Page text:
(U) Episode 12: “Cyclops,” ~pp. 287-339.

Important Symbols & Phrases of Episode 12

  • Name changing: Like Odysseus and Leopold Bloom (nee Virag, then Henry Flower), Dublin’s denizens are likely to assume pseudonyms and false identities. We uncovered AE in the National Library. O’Molloy’s employs a fake name when pawning his watch. Douglas “Hydes” behind the name “Little Sweet Branch.” Cunningham doesn’t know if his companion’s name is Crofton or Croftor. There is the anonymous author of the U.P. Even the canine Garryowen rebrands himself Owen Garry. In Dubliners, Gabriel Conroy writes reviews for an Anglo-Irish paper signing merely G.C.
  • The Mother of the Maccabees” and “Last of the Mohicans”: Among the litany of Irish luminaries listed, two refer to Bloom’s Judaism and his role as the last of his genetic name. 
  • “Captian Nemo” and “Thomas Cook and Son Travel”: These travel references call up Bloom’s odyssey.
  • Ben Howth: Memorable in Poldy and Molly’s courtship is the excursion to the Hill of Howth, where Molly first said “Yes.”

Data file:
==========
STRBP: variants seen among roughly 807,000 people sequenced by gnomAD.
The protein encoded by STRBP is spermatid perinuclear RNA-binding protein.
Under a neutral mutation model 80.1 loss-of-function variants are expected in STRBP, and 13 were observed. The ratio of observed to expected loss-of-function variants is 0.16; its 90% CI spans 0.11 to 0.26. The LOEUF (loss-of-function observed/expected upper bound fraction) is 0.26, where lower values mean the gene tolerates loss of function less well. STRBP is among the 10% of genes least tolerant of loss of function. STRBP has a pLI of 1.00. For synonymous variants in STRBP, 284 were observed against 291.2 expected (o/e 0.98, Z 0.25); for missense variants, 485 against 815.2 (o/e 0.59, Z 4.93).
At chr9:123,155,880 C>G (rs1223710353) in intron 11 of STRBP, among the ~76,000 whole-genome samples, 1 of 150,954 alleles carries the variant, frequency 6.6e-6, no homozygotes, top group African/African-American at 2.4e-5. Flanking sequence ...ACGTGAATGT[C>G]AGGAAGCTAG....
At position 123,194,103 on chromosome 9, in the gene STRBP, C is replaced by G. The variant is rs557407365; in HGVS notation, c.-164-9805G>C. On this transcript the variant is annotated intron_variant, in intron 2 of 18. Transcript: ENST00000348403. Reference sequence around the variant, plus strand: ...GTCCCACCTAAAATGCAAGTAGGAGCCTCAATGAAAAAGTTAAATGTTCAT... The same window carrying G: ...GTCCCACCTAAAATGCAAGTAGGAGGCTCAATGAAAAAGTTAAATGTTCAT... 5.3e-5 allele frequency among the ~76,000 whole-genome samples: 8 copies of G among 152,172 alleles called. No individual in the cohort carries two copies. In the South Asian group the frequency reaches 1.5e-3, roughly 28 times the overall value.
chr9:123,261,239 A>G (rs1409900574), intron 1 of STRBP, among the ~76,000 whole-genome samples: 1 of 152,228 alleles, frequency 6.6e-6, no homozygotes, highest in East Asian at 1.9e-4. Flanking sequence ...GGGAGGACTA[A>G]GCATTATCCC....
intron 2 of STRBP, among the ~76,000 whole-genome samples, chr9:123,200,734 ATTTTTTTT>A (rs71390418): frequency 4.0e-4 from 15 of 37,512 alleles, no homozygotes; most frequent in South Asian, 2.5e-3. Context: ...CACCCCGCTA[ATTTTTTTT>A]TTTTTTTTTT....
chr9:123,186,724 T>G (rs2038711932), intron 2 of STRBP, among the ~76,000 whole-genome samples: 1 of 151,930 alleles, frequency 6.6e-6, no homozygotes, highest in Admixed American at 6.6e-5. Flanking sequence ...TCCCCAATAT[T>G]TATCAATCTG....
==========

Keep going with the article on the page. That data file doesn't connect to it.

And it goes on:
• “What I meant about tennis, for example, is the agility and training of the eye.” …says Poldy to Hynes and Citizen Cyclops with a genuine talent for fostering innocent offense. Campbell observes: “…Bloom supplies the other eye to their balance (the population’s faulty sight).” Budgen goes further: “…the two-eyed man is nothing but a nuisance in the kingdom of the one-eyed.”
  • “the traitor’s son”: Here again, sport and politics converge, confusing the “So-Help-Me-God Keogh” traitor with the pugilist Keogh. 
  • “And every jew is in a tall state of excitement, I believe till he knows if he’s a father or a mother.”: Bloom will become the spiritual father of Stephen before the sun rises. This sentence also confuses gender. That Bloom has both a female and a male spirit will be evident in the “Circe” episode.
  • Calpe’s rocky mount: Gibraltar is the gateway to Calypso’s isle and Molly’s birthplace, the Calypso of Episode Four. In the catalog of saints in this episode, S. Marion Calpensis might be translated “Saint Molly of Gibraltar.” 
  • “…was a bite from a sheep”: according to Tindall, this prompts the tension between the “sheep-keeping Cyclops” and “old sheepface, ( Bloom) the lamb of God.” The insult is more significant when a docile beast does the biting.
  • Vision: Dubliners other than Cyclops and Joyce/Dedalus also suffer weakness of sight. Corney Kelleher is called Wall-eyed. Jury members have” swank glass in their eye” (not merely monocles). A bumpkin might confess to having “green in the white of my eye.” The boxing soldier’s right eye is nearly closed. One-eyed Nelson intentionally holds the telescope to his blind eye.

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